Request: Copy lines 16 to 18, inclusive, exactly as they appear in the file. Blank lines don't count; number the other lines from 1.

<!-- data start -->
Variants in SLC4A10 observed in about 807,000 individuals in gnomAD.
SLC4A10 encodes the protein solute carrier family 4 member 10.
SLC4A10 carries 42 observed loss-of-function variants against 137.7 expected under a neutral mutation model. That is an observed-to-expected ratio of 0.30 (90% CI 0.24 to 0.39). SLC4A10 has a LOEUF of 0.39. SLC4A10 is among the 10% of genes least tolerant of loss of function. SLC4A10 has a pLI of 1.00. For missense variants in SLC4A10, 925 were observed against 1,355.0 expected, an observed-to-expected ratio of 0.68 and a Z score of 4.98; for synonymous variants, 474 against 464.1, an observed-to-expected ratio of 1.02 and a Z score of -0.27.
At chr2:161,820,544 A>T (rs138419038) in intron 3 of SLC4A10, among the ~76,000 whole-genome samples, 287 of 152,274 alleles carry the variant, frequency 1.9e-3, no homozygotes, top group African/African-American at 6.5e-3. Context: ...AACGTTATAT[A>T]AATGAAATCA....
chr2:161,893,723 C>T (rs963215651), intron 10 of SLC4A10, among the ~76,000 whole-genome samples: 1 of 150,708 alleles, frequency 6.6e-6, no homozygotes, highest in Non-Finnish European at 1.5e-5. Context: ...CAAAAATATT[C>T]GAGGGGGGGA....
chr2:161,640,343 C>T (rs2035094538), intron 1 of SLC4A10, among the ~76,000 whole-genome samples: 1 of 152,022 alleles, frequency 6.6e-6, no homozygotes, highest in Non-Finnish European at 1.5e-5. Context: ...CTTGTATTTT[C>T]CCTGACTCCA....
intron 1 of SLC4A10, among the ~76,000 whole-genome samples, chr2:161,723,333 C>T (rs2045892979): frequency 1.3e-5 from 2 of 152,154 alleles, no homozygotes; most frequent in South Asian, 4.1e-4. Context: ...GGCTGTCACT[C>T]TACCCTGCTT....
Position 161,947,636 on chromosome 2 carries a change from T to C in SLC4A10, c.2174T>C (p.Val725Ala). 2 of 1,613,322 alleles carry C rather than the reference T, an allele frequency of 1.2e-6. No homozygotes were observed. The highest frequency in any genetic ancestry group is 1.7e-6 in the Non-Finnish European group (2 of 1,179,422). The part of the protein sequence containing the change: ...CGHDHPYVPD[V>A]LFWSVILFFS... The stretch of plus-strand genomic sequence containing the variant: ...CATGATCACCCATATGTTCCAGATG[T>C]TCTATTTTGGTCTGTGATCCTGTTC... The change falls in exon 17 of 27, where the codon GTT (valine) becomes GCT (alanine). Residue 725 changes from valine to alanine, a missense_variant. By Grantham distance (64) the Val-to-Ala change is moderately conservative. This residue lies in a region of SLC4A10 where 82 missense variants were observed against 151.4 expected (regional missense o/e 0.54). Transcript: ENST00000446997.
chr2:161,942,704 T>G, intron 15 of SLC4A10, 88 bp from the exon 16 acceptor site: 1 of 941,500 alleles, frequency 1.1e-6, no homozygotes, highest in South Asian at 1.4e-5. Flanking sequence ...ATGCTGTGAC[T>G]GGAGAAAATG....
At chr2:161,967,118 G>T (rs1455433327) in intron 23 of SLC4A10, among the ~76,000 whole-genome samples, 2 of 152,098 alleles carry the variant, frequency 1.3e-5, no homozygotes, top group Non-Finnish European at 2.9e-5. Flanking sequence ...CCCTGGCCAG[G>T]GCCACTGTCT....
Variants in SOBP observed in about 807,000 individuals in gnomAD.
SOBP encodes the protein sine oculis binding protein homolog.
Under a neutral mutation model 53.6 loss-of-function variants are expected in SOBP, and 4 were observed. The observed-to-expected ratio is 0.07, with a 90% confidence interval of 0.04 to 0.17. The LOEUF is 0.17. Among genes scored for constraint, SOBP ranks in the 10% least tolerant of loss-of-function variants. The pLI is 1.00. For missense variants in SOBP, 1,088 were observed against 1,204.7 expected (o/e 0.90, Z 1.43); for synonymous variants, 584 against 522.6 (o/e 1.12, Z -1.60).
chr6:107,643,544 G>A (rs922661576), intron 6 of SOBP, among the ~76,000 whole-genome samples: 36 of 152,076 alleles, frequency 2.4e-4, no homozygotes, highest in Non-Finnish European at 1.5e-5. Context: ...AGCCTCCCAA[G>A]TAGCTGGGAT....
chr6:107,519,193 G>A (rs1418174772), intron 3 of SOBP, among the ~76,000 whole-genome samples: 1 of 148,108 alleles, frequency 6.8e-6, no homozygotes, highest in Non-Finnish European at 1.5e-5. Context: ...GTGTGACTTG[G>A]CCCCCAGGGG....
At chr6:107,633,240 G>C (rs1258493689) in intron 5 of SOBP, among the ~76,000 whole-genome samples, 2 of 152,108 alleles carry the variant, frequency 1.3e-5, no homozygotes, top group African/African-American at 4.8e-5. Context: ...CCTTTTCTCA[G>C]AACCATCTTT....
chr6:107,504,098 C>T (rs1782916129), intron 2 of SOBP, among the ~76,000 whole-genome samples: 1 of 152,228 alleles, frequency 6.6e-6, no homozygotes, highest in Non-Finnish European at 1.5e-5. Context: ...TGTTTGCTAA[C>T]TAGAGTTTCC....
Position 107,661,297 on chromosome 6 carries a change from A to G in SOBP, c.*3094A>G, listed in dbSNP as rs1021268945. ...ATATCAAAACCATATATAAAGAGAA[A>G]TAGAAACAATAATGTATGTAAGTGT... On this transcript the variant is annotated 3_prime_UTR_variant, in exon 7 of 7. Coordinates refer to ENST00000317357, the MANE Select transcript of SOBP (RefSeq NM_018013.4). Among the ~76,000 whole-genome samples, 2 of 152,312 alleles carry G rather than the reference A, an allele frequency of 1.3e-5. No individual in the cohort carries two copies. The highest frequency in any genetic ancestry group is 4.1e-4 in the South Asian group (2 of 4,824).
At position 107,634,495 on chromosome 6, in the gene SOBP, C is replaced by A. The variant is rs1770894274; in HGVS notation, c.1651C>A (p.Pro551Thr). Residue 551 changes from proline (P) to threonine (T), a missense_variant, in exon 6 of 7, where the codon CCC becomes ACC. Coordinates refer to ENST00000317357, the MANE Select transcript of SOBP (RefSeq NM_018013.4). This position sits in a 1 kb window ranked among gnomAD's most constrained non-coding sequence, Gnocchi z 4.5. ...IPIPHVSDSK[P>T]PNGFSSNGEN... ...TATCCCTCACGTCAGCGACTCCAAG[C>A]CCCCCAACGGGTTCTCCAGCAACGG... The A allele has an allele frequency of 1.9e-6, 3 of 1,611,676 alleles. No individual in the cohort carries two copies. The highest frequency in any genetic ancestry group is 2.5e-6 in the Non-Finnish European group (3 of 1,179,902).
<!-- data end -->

At chr6:107,633,240 G>C (rs1258493689) in intron 5 of SOBP, among the ~76,000 whole-genome samples, 2 of 152,108 alleles carry the variant, frequency 1.3e-5, no homozygotes, top group African/African-American at 4.8e-5. Context: ...CCTTTTCTCA[G>C]AACCATCTTT....
chr6:107,504,098 C>T (rs1782916129), intron 2 of SOBP, among the ~76,000 whole-genome samples: 1 of 152,228 alleles, frequency 6.6e-6, no homozygotes, highest in Non-Finnish European at 1.5e-5. Context: ...TGTTTGCTAA[C>T]TAGAGTTTCC....
Position 107,661,297 on chromosome 6 carries a change from A to G in SOBP, c.*3094A>G, listed in dbSNP as rs1021268945. ...ATATCAAAACCATATATAAAGAGAA[A>G]TAGAAACAATAATGTATGTAAGTGT... On this transcript the variant is annotated 3_prime_UTR_variant, in exon 7 of 7. Coordinates refer to ENST00000317357, the MANE Select transcript of SOBP (RefSeq NM_018013.4). Among the ~76,000 whole-genome samples, 2 of 152,312 alleles carry G rather than the reference A, an allele frequency of 1.3e-5. No individual in the cohort carries two copies. The highest frequency in any genetic ancestry group is 4.1e-4 in the South Asian group (2 of 4,824).